Though originally written in 1994, Jason Sherman’s politically intricate play about weapons development and the nature of the intelligence services, here receiving its European premiere at Richmond’s Orange Tree Theatre, still seems like a very relevant work.
Originally commissioned and performed in Toronto, the issues dealt with in Three In The Back are those that are presently concerning politicians and the public in the UK. The play seems particularly farsighted in view of the September 11 attacks in 2001 as well as the July 7th bombings in London this year, raising questions about America’s role in policing the world whilst retaining a necessary ambiguity.
Set in 1990, the narrative shifts between a CIA office in Washington to locations in Canada and Europe, quite a feat given the uniquely intimate in-the-round space of the Orange Tree. Sherman draws on real events in his drama: the killing of Gerald Bull, a Canadian scientist intent on developing a super-gun, who was assassinated in 1990, some say by Mossad others suggest by the CIA.
Working from this basic premise, Sherman has carefully crafted a piece which plays with the audience’s perception of morality in the grey area of scientific and military research.
Rod Beacham plays Canadian scientist Donald Jackson, whose lifelong ambition was to create a weapon that would help protect not kill; his ‘Snowman’ project would build a machine capable of projecting a satellite into space which would then detonate shrapnel into the atmosphere and thus destroy an enemy’s long range missile before it reached its target.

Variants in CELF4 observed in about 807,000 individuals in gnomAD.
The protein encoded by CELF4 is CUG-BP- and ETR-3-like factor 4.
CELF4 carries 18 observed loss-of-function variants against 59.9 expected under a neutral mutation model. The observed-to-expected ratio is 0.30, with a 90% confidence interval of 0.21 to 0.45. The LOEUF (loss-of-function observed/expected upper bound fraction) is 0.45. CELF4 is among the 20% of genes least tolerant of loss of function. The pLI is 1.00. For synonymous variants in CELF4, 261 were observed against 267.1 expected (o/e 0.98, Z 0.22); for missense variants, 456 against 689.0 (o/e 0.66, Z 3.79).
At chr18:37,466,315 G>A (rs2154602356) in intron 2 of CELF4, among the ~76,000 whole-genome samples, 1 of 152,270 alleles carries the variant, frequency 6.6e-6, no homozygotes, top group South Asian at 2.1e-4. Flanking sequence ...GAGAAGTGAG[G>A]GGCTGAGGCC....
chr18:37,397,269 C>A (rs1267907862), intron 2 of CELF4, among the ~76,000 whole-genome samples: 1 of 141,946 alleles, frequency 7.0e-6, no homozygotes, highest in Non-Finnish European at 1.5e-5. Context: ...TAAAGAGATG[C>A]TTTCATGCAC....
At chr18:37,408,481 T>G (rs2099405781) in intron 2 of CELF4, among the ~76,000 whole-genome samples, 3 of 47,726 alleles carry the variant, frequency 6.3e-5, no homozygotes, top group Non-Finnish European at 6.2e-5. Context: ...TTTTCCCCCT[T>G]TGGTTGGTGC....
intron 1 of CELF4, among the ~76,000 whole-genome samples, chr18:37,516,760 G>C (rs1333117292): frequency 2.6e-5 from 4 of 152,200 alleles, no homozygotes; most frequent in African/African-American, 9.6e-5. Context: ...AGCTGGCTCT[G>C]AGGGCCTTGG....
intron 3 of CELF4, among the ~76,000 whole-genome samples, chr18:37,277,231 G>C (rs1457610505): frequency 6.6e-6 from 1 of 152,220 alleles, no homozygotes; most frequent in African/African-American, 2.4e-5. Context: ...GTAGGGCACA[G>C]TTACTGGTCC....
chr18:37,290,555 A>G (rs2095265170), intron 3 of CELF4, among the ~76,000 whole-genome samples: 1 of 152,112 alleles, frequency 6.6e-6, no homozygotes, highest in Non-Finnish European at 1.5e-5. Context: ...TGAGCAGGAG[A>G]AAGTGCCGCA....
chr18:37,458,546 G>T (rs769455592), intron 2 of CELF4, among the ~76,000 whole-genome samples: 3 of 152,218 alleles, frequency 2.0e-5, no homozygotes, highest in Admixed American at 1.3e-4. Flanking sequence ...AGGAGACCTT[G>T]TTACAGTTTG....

We are first introduced to him at the height of the Cold War, when a United States general Ed Sparrow, played very convincingly by Vincent Brimble, recruits him to test ‘Snowman’ for the US government. The play however begins with an exchange in a CIA office in Virginia between Donald’s son Paul, played by Qarie Marshall, and CIA operative John Doyle, wonderfully played by Kevin Doyle. It’s a fine piece of acting, the character starting off as one kind of man and ending up as another; the layers gradually peeling away without it ever feeling forced.
The story unfolds in flashback and the characters are often required to narrate to Paul any conversations that took place. This device allows Sherman to fully demonstrate the way in which the truth can get lost as people remember events; as characters deliberately lie or misrepresent the past the ambiguity is heightened and the audience can’t help but become sceptical about everything that is being recounted to Paul. This feeling persists to the end and you are left with the sense that you are only being presented with one possible version of events.
This interesting production’s weakest link is unfortunately that of Donald’s wife Anna. Pat Starr does her best with the clichd wife/mother role but she is given little to do but sit on the sidelines and worry. This is very much a male orientated chess game of a play – how difficult would it have been to, say, make the CIA operative a woman? But I digress…
Three In the Back has the intense thriller-like quality of a Len Deighton novel but it teams it with a more political and moral sensibility in its examination of the issues of military weaponry, terrorism, intelligence and national security. The result is a compelling gem of a play and well worth seeing.